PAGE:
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The Johnstown calamity. A slightly damaged house. Photo by George Barker, 1889. http://hdl.loc.gov/loc.pnp/stereo.1s09424

Johnstown Flood: Documenting a Disaster

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One hundred and thirty-five years ago today, a devastating flood swept through Johnstown, Pennsylvania and neighboring communities. On May 31, 1889, the South Fork Dam failed following torrential rain, releasing a massive volume of fast-moving water from Lake Conemaugh. The resulting flood led to the loss of more than 2,200 lives.

Photographers and artists did the important work of documenting the aftermath of the disaster, often in formats that were meant to be widely distributed.

Some photographs, like those below, offer a visible sense of the scale of damage in Johnstown. The estimates of lives lost included in the caption are higher here than in the final official counts:

View of extensive damage to Johnstown, PA due to flooding. Apparatus with wheels is visible in foreground and damaged houses and smoke are visible in background.
Johnstown Flood, May 31st, 1889. No. 15, General view of Johnstown looking towards Kernville. Photo by Ernest Walter Histed, 1889. http://hdl.loc.gov/loc.pnp/ppmsca.17549
View of debris from Johnstown Flood with pieces of wood prominenet in foreground and a bridge, smokestacks, and hills in background.
Johnstown Flood, 1889: Gen. view of debris #15. Photo copyrighted by Langill & Darling, 1889. http://hdl.loc.gov/loc.pnp/cph.3b08649

These stereograph cards by George Barker from his “Barker’s Stereoscopic Gems of American Scenery” series make clear the level of damage done to the built environment. The ironic historical caption for the first image, describing a “slightly damaged house,” provides evidence that publishers in this format not only documented historic events, but were intent on grabbing the attention of potential customers.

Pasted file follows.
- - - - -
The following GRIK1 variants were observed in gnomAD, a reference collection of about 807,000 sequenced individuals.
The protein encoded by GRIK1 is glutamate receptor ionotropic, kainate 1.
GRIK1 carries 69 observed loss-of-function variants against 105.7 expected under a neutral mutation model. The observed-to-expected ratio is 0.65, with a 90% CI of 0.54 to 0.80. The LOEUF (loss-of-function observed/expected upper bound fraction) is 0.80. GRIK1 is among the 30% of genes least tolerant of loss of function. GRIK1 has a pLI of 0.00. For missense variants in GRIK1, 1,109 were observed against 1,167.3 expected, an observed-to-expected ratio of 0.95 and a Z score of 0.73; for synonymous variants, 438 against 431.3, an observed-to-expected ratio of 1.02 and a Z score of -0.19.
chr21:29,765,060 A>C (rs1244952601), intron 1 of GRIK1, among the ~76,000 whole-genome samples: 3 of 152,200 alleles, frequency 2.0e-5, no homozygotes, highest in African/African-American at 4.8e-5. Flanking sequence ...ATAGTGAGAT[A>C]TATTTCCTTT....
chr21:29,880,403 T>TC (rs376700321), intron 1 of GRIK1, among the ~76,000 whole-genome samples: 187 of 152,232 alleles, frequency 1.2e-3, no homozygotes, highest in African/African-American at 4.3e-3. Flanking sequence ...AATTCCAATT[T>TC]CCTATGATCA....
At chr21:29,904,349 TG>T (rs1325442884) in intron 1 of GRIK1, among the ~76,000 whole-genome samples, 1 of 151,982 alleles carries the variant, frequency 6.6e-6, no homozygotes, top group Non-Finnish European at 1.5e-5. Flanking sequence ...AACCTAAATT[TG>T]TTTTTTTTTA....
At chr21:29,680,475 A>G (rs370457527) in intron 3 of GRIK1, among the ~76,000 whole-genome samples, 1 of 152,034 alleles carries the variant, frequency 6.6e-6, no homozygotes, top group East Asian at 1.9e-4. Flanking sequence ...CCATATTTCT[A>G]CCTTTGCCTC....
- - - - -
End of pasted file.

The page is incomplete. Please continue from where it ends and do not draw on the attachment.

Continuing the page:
The Johnstown calamity. A slightly damaged house.  Photo by George Barker, 1889. http://hdl.loc.gov/loc.pnp/stereo.1s09424
The Johnstown calamity. A scene in the heart of the city. Photo by George Barker, 1889. http://hdl.loc.gov/loc.pnp/stereo.1s09429

Artist William Allen Rogers drew this “News sketch of Johnstown Flood,” featuring a locomotive surrounded by logs and other debris.

Sketch of damage from Johnstown Flood, featuring a train car prominently in background and debris around it.
News sketch of Johnstown flood. Drawing by William Allen Rogers, 1889. http://hdl.loc.gov/loc.pnp/cai.2a14602

Extensive relief efforts were necessary following the disaster. A tent camp can be seen at right in this photograph:

Camp of relief corps, Johnstown Flood, May 31st, 1889. Photo by Ernest Walter Histed, 1889. http://hdl.loc.gov/loc.pnp/ppmsca.17545

Displaced people in need of sustenance gather at a relief station in this image:

The Johnstown calamity. Relief station–Sufferers drawing rations. Photo by George Barker, 1889. http://hdl.loc.gov/loc.pnp/stereo.1s09445

Additional photos from the collection show that collective memory of the calamity remained strong years and decades after the disaster occurred.

Four boys posed with souvenirs from the “See the Johnstown Flood” exhibit at the Pan American Exposition, Buffalo, N.Y. Photo by Frances Benjamin Johnston, 1901. http://hdl.loc.gov/loc.pnp/cph.3c04793
President Roosevelt to get unique invitation for 50th Anniversary Johnstown Flood. Washington, D.C., June 30. Senator Joseph Guffey, (D. Pa.) today received from the Johnstown, Pa. “quintuplets” a unique invitation which he was asked to present to President Roosevelt requesting his attendance at the 50th anniversary of the Johnstown Flood of 1889… Photo by Harris & Ewing, 1938. http://hdl.loc.gov/loc.pnp/hec.24794

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